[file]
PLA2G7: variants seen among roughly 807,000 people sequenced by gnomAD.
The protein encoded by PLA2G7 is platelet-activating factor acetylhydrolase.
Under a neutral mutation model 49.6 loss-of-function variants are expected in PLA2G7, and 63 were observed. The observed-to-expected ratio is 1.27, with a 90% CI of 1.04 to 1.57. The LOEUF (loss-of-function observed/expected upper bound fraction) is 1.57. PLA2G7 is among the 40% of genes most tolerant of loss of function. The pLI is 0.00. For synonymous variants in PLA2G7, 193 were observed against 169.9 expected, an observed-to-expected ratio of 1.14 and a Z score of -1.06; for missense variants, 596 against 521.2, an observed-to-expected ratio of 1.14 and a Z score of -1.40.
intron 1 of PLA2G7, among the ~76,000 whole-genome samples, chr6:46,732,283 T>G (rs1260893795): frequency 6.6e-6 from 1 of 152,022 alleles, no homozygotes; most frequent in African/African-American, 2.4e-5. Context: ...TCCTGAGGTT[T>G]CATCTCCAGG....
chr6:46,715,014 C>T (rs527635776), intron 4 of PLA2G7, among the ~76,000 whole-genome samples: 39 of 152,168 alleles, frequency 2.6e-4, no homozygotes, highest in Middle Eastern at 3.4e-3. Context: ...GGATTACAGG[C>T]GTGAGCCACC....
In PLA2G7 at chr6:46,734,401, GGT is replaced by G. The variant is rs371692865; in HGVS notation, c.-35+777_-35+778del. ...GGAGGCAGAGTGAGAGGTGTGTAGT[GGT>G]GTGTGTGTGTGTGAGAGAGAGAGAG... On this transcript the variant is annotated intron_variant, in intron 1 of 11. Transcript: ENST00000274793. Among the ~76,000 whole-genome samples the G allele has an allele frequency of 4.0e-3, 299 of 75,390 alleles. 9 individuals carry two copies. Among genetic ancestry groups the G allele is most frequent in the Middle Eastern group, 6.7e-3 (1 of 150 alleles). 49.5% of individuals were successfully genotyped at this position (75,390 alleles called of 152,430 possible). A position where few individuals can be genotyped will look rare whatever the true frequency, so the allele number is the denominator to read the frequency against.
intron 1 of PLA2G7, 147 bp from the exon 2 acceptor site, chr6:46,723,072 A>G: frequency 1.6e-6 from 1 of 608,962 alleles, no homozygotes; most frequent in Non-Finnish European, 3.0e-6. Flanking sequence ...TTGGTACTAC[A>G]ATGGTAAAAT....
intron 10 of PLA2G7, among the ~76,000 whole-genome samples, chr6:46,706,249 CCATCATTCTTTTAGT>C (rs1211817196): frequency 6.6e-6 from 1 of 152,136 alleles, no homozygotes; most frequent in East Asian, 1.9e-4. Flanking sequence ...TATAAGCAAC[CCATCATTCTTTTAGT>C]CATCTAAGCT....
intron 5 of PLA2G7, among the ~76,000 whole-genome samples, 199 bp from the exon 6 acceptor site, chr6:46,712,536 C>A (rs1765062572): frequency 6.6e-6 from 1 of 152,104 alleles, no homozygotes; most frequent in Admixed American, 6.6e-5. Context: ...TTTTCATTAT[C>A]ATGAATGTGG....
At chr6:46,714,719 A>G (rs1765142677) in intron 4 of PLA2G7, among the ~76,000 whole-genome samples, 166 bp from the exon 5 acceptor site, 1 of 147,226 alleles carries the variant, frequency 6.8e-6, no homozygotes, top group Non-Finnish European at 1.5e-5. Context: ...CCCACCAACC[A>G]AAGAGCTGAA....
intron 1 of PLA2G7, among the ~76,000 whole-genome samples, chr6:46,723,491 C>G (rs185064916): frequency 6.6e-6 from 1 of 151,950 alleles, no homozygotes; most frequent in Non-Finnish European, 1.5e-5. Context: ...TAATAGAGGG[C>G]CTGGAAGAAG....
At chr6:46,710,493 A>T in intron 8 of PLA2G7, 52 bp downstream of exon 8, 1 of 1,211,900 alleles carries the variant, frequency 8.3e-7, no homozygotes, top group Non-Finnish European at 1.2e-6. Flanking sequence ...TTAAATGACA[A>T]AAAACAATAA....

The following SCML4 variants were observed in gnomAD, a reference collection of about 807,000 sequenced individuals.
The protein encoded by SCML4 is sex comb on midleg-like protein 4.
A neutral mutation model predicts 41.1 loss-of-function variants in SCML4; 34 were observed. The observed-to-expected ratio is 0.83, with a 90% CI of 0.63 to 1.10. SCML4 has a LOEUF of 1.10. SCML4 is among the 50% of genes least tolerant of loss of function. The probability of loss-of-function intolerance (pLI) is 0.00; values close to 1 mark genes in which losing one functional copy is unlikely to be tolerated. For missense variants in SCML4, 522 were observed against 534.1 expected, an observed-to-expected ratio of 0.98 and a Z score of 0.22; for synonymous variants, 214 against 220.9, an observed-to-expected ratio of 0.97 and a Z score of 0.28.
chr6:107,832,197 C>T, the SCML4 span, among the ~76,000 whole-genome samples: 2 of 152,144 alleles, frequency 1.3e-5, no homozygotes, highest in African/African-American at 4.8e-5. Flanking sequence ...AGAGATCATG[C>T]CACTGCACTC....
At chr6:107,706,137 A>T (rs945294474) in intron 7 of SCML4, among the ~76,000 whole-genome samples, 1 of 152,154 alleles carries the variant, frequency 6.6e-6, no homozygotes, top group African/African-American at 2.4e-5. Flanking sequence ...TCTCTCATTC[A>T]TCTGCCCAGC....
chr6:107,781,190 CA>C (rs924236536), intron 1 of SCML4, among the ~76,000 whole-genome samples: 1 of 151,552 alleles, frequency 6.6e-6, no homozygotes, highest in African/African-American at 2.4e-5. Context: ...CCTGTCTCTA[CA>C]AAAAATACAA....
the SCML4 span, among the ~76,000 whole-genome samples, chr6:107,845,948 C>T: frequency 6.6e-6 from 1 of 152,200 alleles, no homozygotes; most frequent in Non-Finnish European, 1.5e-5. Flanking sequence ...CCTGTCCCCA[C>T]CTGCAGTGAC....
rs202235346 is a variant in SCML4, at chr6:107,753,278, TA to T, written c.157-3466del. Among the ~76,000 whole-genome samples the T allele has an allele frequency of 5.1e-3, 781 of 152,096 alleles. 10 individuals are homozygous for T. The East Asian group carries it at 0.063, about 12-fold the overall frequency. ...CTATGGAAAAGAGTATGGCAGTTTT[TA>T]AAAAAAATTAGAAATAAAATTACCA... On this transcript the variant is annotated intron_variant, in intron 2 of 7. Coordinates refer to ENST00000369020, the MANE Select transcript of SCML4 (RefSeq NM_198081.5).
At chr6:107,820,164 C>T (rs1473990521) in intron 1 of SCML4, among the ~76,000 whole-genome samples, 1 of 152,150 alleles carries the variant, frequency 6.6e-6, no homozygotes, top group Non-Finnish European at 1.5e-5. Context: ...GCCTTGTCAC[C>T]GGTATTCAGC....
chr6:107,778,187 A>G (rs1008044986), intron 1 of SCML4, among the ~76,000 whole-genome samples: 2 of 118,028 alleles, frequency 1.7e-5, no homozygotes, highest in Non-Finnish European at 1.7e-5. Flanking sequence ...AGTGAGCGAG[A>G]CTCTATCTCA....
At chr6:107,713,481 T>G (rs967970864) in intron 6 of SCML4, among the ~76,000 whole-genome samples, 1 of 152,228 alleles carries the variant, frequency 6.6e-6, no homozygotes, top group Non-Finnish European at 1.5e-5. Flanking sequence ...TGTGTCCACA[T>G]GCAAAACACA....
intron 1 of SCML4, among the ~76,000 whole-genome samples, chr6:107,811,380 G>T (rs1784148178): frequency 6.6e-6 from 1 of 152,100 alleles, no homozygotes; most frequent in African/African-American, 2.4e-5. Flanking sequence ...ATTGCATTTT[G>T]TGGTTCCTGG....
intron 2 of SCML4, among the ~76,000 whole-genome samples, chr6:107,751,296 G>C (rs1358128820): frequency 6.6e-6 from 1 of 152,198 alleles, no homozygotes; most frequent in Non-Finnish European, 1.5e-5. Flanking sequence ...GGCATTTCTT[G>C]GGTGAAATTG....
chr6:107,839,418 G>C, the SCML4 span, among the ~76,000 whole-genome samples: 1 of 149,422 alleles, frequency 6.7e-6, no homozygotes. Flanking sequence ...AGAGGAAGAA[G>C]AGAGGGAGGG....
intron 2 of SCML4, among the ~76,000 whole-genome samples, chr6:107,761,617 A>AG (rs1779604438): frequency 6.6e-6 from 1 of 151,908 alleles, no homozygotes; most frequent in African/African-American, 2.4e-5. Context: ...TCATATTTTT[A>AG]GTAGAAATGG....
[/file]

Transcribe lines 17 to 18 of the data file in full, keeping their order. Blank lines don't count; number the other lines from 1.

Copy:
At chr6:107,706,137 A>T (rs945294474) in intron 7 of SCML4, among the ~76,000 whole-genome samples, 1 of 152,154 alleles carries the variant, frequency 6.6e-6, no homozygotes, top group African/African-American at 2.4e-5. Flanking sequence ...TCTCTCATTC[A>T]TCTGCCCAGC....
chr6:107,781,190 CA>C (rs924236536), intron 1 of SCML4, among the ~76,000 whole-genome samples: 1 of 151,552 alleles, frequency 6.6e-6, no homozygotes, highest in African/African-American at 2.4e-5. Context: ...CCTGTCTCTA[CA>C]AAAAATACAA....